Association of gravity drainage and complications following Whipple: an analysis of the ACS-NSQIP targeted database

Bradley R. Hall, Zachary H. Egr, Robert W. Krell, James C. Padussis, Valerie K. Shostrom, Chandrakanth Are, Bradley N. Reames

Research output: Contribution to journalArticlepeer-review

Abstract

Background: The optimal type of operative drainage following pancreaticoduodenectomy (PD) remains unclear. Our objective is to investigate risk associated with closed drainage techniques (passive [gravity] vs. suction) after PD. Methods: We assessed operative drainage techniques utilized in patients undergoing PD in the ACS-NSQIP pancreas-targeted database from 2016 to 2018. Using multivariable logistic regression to adjust for characteristics of the patient, procedure, and pancreas, we examined the association between use of gravity drainage and postoperative outcomes. Results: We identified 9665 patients with drains following PD from 2016 to 2018, of which 12.7% received gravity drainage. 61.0% had a diagnosis of adenocarcinoma or pancreatitis, 26.5% had a duct <3 mm, and 43.5% had a soft or intermediate gland. After multivariable adjustment, gravity drainage was associated with decreased rates of postoperative pancreatic fistula (odds ratio [OR] 0.779, 95% confidence interval [CI] 0.653–0.930, p=0.006), delayed gastric emptying (OR 0.830, 95% CI 0.693–0.988, p=0.036), superficial SSI (OR 0.741, 95% CI 0.572–0.959, p=0.023), organ space SSI (OR 0.791, 95% CI 0.658–0.951, p=0.012), and readmission (OR 0.807, 95% CI 0.679–0.958, p=0.014) following PD. Conclusions: Gravity drainage is independently associated with decreased rates of CR-POPF, DGE, SSI, and readmission following PD. Additional prospective research is necessary to better understand the preferred drainage technique following PD.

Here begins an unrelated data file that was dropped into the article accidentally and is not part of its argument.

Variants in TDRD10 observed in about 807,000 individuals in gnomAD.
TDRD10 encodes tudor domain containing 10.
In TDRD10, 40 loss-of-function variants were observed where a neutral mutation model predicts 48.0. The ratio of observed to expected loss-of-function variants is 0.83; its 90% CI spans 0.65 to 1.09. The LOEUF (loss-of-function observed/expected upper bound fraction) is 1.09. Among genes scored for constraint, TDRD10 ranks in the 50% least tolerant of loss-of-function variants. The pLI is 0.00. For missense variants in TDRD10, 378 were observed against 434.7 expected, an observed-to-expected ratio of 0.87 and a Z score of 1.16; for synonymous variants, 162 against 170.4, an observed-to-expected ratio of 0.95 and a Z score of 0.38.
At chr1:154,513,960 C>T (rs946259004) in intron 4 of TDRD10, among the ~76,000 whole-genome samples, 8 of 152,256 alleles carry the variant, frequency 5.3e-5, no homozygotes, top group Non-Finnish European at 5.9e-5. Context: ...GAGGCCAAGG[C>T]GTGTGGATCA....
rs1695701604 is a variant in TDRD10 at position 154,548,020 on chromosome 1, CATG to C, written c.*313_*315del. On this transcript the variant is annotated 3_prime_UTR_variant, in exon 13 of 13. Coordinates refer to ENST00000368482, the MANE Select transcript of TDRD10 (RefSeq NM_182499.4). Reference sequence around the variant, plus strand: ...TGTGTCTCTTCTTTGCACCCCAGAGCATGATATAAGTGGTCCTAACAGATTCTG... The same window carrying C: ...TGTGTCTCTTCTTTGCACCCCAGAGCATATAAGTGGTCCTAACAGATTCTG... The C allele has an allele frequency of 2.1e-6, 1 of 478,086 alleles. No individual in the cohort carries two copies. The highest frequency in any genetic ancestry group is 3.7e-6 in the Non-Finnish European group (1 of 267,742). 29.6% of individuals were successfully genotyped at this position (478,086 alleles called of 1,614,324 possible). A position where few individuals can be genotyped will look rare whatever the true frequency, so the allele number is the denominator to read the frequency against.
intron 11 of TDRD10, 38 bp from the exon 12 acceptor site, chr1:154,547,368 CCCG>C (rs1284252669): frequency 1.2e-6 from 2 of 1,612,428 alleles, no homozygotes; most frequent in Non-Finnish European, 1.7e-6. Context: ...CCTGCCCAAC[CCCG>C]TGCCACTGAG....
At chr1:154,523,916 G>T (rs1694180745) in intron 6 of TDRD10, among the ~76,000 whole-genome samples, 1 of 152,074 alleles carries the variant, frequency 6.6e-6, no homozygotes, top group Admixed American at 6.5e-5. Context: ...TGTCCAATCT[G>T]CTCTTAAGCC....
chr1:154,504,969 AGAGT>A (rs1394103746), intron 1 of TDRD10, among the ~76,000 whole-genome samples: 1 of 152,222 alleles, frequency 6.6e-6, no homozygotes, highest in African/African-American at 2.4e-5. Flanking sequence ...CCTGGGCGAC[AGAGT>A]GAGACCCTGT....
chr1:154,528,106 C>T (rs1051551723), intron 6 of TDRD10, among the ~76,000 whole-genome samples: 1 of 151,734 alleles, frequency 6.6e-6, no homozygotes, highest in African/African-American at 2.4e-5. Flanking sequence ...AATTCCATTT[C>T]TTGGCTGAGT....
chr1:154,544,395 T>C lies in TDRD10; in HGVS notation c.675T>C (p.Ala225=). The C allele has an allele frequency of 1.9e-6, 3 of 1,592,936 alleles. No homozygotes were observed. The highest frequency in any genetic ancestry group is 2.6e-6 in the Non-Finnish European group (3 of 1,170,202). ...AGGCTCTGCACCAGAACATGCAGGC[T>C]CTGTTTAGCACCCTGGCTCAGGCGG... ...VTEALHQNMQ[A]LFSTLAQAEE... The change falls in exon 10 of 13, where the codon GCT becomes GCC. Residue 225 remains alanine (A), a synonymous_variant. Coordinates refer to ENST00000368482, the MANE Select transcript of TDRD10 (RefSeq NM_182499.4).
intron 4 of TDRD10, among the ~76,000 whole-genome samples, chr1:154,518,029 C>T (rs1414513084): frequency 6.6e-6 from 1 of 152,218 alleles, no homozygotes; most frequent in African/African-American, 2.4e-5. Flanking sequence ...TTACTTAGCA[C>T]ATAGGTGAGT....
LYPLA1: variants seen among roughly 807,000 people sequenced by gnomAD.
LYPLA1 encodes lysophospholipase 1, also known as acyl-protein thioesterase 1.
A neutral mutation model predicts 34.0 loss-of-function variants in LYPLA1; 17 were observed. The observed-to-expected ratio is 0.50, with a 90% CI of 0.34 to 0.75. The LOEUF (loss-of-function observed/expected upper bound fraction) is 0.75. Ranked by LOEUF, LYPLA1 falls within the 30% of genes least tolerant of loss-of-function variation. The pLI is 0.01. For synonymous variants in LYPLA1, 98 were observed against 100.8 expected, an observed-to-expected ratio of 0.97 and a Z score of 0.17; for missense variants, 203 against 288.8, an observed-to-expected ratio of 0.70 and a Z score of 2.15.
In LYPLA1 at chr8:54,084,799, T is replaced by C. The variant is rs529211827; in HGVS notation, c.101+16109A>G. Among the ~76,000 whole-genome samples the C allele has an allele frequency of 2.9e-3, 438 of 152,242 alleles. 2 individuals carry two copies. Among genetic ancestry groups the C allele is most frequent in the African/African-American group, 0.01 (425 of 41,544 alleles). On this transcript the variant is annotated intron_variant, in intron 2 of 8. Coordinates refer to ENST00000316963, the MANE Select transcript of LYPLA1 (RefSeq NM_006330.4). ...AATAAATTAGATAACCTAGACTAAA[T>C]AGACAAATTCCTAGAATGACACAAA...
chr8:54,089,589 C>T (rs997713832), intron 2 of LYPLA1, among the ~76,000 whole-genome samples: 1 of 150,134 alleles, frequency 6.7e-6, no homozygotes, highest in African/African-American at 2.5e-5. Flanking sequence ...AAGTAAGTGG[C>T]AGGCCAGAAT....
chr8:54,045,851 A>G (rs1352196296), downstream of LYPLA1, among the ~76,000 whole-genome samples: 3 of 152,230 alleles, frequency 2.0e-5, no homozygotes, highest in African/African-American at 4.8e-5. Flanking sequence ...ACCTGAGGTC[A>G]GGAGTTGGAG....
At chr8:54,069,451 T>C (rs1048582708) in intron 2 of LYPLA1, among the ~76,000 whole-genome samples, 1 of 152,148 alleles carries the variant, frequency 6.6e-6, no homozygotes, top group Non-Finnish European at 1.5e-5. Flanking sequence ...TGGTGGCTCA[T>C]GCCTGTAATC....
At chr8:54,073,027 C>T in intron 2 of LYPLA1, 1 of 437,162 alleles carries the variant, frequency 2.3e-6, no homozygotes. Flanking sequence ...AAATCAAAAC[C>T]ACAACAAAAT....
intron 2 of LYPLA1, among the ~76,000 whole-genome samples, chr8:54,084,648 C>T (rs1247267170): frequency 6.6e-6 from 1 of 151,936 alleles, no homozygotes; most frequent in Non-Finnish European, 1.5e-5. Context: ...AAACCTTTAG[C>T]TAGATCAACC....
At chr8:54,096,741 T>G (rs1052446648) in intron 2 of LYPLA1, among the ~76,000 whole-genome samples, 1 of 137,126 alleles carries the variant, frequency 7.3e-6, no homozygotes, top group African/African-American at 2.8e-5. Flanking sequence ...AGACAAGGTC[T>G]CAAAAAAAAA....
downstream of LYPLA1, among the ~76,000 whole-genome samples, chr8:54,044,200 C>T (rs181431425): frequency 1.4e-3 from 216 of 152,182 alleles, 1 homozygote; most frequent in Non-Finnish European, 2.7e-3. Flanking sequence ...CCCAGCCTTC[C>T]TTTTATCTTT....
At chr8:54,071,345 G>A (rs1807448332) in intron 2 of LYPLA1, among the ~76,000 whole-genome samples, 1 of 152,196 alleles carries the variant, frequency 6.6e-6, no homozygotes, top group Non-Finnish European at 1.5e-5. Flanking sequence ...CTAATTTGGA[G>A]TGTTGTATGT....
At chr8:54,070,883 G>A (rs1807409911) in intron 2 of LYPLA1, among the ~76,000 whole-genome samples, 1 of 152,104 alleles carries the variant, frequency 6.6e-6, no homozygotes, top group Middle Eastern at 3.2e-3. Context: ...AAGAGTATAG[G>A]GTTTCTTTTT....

Original languageEnglish (US)
Article number118
JournalWorld Journal of Surgical Oncology
Volume19
Issue number1
DOIs
StatePublished - Dec 2021

Keywords

  • Drain
  • Gravity
  • Morbidity
  • Pancreatic ductal adenocarcinoma
  • Suction

ASJC Scopus subject areas

  • Surgery
  • Oncology

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